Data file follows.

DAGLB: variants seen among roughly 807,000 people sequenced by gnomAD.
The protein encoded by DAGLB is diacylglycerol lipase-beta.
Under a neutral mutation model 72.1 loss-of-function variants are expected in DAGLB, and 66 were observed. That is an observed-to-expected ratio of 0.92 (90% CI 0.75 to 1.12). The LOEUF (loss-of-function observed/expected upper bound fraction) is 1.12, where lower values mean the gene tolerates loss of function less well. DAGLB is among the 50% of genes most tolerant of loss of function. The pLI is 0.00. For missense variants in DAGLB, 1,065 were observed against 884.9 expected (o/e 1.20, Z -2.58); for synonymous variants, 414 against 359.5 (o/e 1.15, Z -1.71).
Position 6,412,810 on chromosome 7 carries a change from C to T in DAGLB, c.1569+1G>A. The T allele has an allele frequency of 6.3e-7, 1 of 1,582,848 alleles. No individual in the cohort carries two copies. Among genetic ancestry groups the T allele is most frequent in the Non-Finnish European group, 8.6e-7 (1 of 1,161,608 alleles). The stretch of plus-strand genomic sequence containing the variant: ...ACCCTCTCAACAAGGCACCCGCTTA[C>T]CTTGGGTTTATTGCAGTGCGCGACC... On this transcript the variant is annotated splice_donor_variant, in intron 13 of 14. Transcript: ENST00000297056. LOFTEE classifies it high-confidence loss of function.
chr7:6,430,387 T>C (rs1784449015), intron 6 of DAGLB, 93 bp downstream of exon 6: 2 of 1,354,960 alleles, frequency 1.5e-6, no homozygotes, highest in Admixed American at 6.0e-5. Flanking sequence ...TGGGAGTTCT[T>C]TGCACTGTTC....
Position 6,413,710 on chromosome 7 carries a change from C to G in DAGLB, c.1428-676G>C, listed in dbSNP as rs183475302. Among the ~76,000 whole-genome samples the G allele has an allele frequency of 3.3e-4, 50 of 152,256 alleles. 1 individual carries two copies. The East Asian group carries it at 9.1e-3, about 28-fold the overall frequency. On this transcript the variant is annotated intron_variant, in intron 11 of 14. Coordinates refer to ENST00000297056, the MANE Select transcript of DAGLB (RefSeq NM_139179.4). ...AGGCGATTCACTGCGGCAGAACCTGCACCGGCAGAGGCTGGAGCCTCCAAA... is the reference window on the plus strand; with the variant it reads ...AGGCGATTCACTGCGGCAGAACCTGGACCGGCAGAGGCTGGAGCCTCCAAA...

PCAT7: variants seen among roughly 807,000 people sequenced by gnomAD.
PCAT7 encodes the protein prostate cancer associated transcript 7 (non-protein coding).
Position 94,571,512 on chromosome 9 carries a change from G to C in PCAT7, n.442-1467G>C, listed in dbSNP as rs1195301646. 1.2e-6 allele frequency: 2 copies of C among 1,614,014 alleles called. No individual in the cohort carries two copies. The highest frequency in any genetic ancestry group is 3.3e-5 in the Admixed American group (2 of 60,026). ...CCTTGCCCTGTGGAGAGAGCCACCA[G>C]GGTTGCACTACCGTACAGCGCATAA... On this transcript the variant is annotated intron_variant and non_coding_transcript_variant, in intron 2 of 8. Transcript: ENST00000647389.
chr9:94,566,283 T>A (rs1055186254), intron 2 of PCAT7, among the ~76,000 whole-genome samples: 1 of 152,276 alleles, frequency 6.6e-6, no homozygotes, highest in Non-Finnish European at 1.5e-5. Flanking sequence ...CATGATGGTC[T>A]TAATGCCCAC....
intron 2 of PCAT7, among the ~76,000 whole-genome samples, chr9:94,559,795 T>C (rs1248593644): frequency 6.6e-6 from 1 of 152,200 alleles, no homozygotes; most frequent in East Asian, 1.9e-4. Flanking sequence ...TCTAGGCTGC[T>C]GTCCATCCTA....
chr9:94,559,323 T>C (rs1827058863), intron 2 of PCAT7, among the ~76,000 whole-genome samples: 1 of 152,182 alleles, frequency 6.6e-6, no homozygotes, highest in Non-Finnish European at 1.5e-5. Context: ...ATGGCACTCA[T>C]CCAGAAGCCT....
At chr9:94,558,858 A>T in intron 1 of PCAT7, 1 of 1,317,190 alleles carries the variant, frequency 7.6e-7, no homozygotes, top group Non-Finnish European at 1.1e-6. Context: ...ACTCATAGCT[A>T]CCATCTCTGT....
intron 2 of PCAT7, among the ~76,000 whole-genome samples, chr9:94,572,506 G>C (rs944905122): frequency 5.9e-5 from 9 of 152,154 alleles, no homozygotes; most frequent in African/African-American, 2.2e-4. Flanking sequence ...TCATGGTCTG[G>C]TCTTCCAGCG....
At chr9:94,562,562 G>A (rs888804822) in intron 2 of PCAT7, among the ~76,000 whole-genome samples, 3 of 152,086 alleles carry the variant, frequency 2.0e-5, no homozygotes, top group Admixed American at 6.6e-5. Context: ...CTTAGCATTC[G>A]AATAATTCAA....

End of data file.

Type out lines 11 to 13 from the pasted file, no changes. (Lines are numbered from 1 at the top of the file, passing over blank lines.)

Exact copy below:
intron 2 of PCAT7, among the ~76,000 whole-genome samples, chr9:94,559,795 T>C (rs1248593644): frequency 6.6e-6 from 1 of 152,200 alleles, no homozygotes; most frequent in East Asian, 1.9e-4. Flanking sequence ...TCTAGGCTGC[T>C]GTCCATCCTA....
chr9:94,559,323 T>C (rs1827058863), intron 2 of PCAT7, among the ~76,000 whole-genome samples: 1 of 152,182 alleles, frequency 6.6e-6, no homozygotes, highest in Non-Finnish European at 1.5e-5. Context: ...ATGGCACTCA[T>C]CCAGAAGCCT....
At chr9:94,558,858 A>T in intron 1 of PCAT7, 1 of 1,317,190 alleles carries the variant, frequency 7.6e-7, no homozygotes, top group Non-Finnish European at 1.1e-6. Context: ...ACTCATAGCT[A>T]CCATCTCTGT....